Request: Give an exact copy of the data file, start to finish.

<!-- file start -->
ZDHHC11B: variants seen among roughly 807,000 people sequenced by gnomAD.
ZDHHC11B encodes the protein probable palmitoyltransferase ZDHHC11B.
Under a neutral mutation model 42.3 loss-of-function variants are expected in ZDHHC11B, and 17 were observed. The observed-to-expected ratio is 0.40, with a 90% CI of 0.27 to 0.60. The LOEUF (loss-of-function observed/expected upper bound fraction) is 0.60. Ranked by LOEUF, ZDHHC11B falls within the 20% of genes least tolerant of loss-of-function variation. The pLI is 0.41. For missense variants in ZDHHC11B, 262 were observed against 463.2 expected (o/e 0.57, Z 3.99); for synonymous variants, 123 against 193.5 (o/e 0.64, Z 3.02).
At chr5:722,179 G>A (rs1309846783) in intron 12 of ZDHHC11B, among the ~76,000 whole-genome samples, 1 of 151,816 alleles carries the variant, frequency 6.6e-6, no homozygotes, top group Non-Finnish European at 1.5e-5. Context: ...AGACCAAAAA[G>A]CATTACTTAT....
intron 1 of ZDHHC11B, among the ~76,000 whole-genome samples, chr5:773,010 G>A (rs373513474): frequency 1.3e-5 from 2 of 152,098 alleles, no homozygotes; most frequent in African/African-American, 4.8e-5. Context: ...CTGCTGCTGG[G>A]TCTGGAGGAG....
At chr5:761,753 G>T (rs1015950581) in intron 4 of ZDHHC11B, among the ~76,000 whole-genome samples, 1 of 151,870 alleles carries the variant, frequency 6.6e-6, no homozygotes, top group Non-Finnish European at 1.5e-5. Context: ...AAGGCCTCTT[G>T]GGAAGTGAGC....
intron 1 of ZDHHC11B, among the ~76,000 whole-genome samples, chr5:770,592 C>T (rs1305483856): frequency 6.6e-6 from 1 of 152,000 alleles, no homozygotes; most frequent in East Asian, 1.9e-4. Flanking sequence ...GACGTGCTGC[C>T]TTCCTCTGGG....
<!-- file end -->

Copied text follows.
ZDHHC11B: variants seen among roughly 807,000 people sequenced by gnomAD.
ZDHHC11B encodes the protein probable palmitoyltransferase ZDHHC11B.
Under a neutral mutation model 42.3 loss-of-function variants are expected in ZDHHC11B, and 17 were observed. The observed-to-expected ratio is 0.40, with a 90% CI of 0.27 to 0.60. The LOEUF (loss-of-function observed/expected upper bound fraction) is 0.60. Ranked by LOEUF, ZDHHC11B falls within the 20% of genes least tolerant of loss-of-function variation. The pLI is 0.41. For missense variants in ZDHHC11B, 262 were observed against 463.2 expected (o/e 0.57, Z 3.99); for synonymous variants, 123 against 193.5 (o/e 0.64, Z 3.02).
At chr5:722,179 G>A (rs1309846783) in intron 12 of ZDHHC11B, among the ~76,000 whole-genome samples, 1 of 151,816 alleles carries the variant, frequency 6.6e-6, no homozygotes, top group Non-Finnish European at 1.5e-5. Context: ...AGACCAAAAA[G>A]CATTACTTAT....
intron 1 of ZDHHC11B, among the ~76,000 whole-genome samples, chr5:773,010 G>A (rs373513474): frequency 1.3e-5 from 2 of 152,098 alleles, no homozygotes; most frequent in African/African-American, 4.8e-5. Context: ...CTGCTGCTGG[G>A]TCTGGAGGAG....
At chr5:761,753 G>T (rs1015950581) in intron 4 of ZDHHC11B, among the ~76,000 whole-genome samples, 1 of 151,870 alleles carries the variant, frequency 6.6e-6, no homozygotes, top group Non-Finnish European at 1.5e-5. Context: ...AAGGCCTCTT[G>T]GGAAGTGAGC....
intron 1 of ZDHHC11B, among the ~76,000 whole-genome samples, chr5:770,592 C>T (rs1305483856): frequency 6.6e-6 from 1 of 152,000 alleles, no homozygotes; most frequent in East Asian, 1.9e-4. Flanking sequence ...GACGTGCTGC[C>T]TTCCTCTGGG....